And then there were 13: Blues eliminated

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For more entries in this series, click here.

Blame it on some fantastic competition in the Western Conference or not, but the St. Louis Blues must have an empty feeling after dropping four straight games to lose to the Chicago Blackhawks 4-2 in their first round series. Let’s take a brief look back at their season.

  • Here’s the synopsis before we get into the details: the Blues enjoyed another exceptional regular season only to fall in the first round for the second season in a row.
  • Some won’t care about context, but they lost to the eventual champions in 2012 in the semifinals, those same Los Angeles Kings who were defending champions in 2013 and the current defending champion Blackhawks. Maybe that earns a little leeway?
  • The Blues lost 10 of their last 12 games and gave up a 2-0 series lead. Fair or not, there will be some who will throw around the word “chokers.”
  • After being patient with Jaroslav Halak and Brian Elliott, the Blues bet big on Ryan Miller. While he started off hot after that trade, the ultimate result was mediocre results in the regular season (10-8-1 with a .903 save percentage) and a pretty poor finish. The Blues out-played the ‘Hawks heavily yet Corey Crawford topped Miller in Game 6.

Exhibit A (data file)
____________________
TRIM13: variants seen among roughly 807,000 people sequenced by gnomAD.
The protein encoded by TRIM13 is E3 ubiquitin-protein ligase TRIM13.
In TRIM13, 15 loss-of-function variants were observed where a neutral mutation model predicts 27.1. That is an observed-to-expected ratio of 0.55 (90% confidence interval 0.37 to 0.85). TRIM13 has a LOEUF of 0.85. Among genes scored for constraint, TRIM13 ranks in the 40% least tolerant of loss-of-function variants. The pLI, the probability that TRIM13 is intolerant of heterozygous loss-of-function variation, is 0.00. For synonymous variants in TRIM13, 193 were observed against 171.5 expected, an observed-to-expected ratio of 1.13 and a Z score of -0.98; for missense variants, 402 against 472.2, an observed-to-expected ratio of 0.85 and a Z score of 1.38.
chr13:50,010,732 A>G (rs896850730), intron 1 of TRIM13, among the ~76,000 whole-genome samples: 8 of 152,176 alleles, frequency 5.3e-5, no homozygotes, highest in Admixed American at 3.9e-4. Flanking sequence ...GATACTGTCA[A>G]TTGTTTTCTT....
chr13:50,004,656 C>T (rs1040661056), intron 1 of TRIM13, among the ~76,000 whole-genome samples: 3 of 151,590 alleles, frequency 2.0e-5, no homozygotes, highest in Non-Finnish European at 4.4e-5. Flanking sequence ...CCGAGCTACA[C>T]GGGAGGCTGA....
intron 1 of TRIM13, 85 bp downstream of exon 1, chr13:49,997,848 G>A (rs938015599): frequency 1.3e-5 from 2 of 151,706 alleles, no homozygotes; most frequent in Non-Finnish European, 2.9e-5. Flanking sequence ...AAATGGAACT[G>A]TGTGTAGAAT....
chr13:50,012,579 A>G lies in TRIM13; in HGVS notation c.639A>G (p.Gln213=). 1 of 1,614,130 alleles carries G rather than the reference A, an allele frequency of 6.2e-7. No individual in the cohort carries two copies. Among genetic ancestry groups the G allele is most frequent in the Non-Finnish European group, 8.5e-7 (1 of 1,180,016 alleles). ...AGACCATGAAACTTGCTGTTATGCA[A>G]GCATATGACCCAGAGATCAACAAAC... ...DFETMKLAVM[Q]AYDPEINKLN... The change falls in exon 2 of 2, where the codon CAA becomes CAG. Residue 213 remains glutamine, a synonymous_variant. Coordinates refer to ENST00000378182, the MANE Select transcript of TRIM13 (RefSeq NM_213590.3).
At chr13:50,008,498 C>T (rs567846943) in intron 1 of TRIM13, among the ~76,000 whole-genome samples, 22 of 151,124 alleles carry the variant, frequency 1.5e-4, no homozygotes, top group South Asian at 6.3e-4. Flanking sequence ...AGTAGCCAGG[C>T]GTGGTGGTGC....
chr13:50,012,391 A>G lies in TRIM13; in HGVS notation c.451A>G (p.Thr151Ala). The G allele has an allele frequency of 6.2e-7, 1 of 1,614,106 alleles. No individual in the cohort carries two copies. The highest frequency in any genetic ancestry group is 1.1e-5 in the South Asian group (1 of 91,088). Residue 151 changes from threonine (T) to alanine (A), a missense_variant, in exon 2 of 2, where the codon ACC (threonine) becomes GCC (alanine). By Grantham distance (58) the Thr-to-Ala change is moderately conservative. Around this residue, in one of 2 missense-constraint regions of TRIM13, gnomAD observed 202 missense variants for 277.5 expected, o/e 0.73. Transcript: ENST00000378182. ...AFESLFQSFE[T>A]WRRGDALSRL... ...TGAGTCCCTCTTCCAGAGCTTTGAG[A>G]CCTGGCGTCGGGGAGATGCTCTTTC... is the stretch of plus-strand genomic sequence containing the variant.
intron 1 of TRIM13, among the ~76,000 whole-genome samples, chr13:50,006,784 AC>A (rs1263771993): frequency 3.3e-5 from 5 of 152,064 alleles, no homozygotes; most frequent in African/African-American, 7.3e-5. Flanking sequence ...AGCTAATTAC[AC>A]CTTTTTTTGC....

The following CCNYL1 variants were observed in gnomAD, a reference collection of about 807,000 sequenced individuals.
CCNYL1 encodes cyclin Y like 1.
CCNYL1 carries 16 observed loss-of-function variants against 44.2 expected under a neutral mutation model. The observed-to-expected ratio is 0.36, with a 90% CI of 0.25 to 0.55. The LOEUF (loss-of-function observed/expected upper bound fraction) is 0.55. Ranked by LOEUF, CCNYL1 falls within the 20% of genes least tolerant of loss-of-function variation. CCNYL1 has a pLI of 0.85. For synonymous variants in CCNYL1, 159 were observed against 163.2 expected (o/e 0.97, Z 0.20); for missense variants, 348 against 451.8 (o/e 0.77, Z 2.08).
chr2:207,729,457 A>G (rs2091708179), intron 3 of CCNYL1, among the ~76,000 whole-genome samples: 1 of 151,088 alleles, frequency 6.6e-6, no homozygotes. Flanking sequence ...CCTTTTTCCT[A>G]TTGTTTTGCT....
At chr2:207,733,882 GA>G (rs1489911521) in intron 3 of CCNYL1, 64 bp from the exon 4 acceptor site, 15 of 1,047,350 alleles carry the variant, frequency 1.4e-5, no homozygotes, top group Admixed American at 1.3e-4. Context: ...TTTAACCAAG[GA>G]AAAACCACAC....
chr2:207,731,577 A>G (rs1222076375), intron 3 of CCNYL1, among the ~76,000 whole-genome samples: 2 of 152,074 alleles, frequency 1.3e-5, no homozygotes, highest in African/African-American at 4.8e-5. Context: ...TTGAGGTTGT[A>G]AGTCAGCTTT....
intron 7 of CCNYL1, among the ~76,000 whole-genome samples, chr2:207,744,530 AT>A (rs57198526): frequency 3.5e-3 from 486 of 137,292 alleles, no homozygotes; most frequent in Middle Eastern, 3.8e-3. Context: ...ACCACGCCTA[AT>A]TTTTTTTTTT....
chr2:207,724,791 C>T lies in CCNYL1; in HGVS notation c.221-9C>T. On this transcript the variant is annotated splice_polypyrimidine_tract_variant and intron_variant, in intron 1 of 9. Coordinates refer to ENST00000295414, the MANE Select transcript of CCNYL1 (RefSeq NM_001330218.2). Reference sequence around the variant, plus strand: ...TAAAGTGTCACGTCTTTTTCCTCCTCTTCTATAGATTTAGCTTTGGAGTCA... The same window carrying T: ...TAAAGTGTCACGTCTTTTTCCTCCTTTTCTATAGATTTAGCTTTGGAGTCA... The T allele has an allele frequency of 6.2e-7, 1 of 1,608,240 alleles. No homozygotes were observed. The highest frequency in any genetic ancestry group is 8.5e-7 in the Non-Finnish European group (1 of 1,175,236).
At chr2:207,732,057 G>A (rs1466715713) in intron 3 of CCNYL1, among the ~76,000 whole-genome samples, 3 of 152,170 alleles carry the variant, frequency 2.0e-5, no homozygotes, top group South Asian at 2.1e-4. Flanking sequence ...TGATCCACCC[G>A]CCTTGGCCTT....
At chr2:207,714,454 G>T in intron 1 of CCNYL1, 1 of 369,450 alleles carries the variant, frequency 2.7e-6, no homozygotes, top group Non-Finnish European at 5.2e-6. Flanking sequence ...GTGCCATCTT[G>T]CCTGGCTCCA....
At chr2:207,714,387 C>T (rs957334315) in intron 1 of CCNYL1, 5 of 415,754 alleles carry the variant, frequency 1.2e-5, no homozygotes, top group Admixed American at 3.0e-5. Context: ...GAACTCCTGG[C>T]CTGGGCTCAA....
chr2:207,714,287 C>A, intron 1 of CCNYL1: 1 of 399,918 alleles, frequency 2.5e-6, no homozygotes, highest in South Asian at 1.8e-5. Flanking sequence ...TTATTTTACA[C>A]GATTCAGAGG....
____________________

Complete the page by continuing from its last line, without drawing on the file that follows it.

• This is probably bad news for the Buffalo Sabres, too, as they lose out on a first-round pick under most circumstances. (Read more about the in’s and out’s of that here.)
  • The Blues were a dominant team for much of the season, but they sagged heading into the playoffs thanks to injuries and other concerns. PHT asked if the Blues could get back on track and the answer appeared to be “No.”
  • There are plenty of questions about where the team should go from here. Ken Hitchcock isn’t getting any younger, which has to be a consideration even for a head coach. Most obviously, the biggest question is in net; Miller may opt for a team like the Anaheim Ducks while Brian Elliott is an unrestricted free agent. Where do they go from here?
  • Much of the Blues’ core is in place and is fairly young, so GM Doug Armstrong may lean toward tweaking his setup rather than blowing everything up (especially after signing Alexander Steen to a big extension).